Revising and rewriting my little heart out to get a draft of my dissertation to my adviser by Wednesday. Today, I’m working on fleshing out my second chapter, which deals with the paranormal horror film of the 1970s and 1980s. Just finished a passage on horror movies of that era (primarily The Amityville Horror) and their dependence on the “Native American burial ground.” Read on if you wish, because I have to keep working. #writebitchwrite
Of all the films under analysis in this chapter, The Amityville Horror is the most overt in advancing racial difference as a distancing mechanism and a marker of horror and danger in relation to the heteronormative family. Richard Dyer has noted that “horror as a genre does seem, despite some interesting exceptions, to be a white genre in the West.”[i] As a predominantly “white” genre, then, the horror film has shown, since the time of its inception, a strong tendency to locate its horror in the racialized Other (as described by Robin Wood in his foundational work on the family in 1970s horror cinema) depicted as intruding into the (white) family’s private sanctuary of home and hearth.
A film such as The Amityville Horror and, to a lesser degree, The Shining, also registers what Bernice M. Murphy refers to as “the gnawing awareness that America as a nation has been built on stolen ground resurfaces with renewed ferocity in many of the haunting found in the Suburban Gothic.”[ii] This continues as an important trope in paranormal reality, where a number of the depicted haunting are suggested to have a “Native American angle” despite only the flimsiest evidence, in the absence of other motivating factors, to support such an attribution.
Again, the psychoanalytic process of projection is particularly strong here, allowing trauma in the family to be blamed on the scapegoat of not only the paranormal but racial difference, as well (a process dating back to early American captivity narratives). Abusive patriarchy is therefore absolved of any culpability in their terrorizing of their families, with such behavior chalked up to possession by the agents of historical trauma in the form of Native Americans and their dispossession of ancestral lands.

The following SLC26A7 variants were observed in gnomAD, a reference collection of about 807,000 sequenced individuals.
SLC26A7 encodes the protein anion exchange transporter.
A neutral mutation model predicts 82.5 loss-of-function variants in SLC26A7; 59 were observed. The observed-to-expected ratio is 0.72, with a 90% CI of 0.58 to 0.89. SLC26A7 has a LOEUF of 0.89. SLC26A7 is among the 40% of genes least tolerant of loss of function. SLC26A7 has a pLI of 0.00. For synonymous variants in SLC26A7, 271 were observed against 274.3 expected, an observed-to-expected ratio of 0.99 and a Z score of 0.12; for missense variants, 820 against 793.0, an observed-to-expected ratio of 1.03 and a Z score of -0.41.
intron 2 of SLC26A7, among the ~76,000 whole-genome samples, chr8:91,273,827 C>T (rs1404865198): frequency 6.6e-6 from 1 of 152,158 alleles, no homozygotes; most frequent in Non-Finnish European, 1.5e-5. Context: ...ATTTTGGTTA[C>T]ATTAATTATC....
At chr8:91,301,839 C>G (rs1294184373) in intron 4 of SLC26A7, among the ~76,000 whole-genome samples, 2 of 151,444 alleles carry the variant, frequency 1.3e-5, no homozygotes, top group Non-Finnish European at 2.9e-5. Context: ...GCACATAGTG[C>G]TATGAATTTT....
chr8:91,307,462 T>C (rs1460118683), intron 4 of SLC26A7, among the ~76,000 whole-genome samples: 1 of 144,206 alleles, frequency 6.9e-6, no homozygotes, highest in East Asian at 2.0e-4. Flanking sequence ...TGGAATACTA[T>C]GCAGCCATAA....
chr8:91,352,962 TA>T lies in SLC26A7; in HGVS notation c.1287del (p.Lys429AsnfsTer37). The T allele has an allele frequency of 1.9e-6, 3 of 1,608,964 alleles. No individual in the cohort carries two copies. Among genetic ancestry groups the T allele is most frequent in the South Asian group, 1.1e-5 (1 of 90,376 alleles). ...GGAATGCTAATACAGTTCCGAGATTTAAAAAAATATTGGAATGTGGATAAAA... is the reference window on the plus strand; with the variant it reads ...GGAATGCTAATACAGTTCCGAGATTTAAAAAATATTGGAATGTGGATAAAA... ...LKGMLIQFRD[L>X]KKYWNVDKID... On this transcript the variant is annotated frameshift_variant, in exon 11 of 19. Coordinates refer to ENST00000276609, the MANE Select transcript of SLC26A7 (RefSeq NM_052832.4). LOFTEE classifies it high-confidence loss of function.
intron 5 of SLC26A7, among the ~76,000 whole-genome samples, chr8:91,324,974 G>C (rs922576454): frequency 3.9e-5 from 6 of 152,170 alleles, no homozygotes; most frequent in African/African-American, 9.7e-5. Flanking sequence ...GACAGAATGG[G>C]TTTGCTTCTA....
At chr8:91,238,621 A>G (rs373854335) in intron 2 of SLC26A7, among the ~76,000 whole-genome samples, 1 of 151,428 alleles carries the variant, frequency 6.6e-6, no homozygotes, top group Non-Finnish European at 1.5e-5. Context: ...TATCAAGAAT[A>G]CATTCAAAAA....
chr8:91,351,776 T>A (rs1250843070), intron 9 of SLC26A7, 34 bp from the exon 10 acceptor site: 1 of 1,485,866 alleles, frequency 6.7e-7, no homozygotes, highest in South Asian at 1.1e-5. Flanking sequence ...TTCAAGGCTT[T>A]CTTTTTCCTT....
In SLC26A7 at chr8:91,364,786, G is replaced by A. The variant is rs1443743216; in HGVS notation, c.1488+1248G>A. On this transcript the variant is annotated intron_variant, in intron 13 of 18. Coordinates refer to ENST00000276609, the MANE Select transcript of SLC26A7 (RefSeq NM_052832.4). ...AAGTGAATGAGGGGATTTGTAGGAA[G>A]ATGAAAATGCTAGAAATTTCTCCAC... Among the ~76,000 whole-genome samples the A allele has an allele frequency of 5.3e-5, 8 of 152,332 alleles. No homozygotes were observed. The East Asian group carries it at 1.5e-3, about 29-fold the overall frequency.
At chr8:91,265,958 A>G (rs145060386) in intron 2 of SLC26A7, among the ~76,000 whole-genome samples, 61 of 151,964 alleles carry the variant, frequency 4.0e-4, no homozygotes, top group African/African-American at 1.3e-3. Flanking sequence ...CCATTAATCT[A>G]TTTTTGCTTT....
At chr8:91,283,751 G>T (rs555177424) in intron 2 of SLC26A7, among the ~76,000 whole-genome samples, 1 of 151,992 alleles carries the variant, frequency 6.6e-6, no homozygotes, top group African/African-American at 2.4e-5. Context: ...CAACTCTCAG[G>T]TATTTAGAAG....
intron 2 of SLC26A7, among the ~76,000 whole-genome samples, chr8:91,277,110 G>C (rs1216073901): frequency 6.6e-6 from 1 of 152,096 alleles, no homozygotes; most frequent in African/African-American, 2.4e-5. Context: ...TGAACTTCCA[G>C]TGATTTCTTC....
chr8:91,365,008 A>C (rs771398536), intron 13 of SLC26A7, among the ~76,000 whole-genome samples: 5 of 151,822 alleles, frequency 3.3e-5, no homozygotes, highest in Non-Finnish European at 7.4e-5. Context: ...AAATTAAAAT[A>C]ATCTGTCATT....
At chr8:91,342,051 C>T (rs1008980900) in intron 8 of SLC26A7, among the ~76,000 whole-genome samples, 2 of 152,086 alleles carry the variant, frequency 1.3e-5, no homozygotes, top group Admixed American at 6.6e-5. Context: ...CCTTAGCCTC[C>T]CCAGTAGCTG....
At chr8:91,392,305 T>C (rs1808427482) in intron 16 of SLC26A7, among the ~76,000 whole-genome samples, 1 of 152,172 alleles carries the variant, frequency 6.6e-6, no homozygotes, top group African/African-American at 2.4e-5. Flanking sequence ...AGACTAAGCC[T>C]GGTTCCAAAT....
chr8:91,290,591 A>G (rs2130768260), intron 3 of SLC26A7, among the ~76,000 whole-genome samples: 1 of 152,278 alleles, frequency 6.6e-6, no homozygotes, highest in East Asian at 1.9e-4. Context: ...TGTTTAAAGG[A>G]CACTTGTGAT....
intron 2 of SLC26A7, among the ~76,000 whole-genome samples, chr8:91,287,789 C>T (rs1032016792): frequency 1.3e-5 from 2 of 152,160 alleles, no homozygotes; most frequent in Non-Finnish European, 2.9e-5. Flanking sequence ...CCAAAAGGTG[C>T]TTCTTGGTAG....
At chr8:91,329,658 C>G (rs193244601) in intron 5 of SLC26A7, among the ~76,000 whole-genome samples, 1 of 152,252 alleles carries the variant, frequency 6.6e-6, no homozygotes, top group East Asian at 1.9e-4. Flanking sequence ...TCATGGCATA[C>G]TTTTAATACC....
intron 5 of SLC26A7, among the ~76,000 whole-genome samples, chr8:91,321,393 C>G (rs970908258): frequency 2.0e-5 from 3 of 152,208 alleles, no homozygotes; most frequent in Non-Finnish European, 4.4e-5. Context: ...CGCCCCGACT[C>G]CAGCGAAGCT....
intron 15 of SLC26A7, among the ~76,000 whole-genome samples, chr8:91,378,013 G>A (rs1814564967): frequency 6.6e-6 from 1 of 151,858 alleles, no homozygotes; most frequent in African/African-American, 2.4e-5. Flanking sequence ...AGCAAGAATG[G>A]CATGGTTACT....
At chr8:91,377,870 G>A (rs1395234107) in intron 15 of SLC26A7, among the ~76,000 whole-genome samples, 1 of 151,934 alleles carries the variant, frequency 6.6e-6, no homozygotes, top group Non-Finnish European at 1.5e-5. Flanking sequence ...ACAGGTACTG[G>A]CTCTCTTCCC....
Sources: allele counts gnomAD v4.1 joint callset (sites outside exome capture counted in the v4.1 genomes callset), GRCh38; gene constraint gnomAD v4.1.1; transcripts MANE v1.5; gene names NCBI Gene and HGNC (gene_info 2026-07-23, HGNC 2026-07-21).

Richard Dyer observes “that the whiteness of white men resides in the tragic quality of their giving way to darkness and the heroism of their channellng or resisting it.”[iii] The Amityville Horror, and other horror films relying on the “Native American element” present in the trope of the desecrated burial ground,[iv] feature racial difference not as the specter of national injustices from history but as active and racialized threats to family and patriarchy that must be resisted, with the white patriarch’s restoration posited as one of the most crucial points of the narrative and his family’s survival.
[i] Dyer, 210
[ii] Murphy, 104
[iii] Dyer, 28
[iv] Pet Sematary (Mary Lambert, 1989), adapted from Stephen King’s 1983 novel, also demonstrates a concerted investment in the Native American burial ground as a site of horror for the family, and although it is not about a haunting per se, the film does engage extensively with family trauma (particularly in terms of loss and mourning) and the annihilation of the Creed family as the result of their interactions with the Micmac burial ground located in the woods behind their rural Maine home.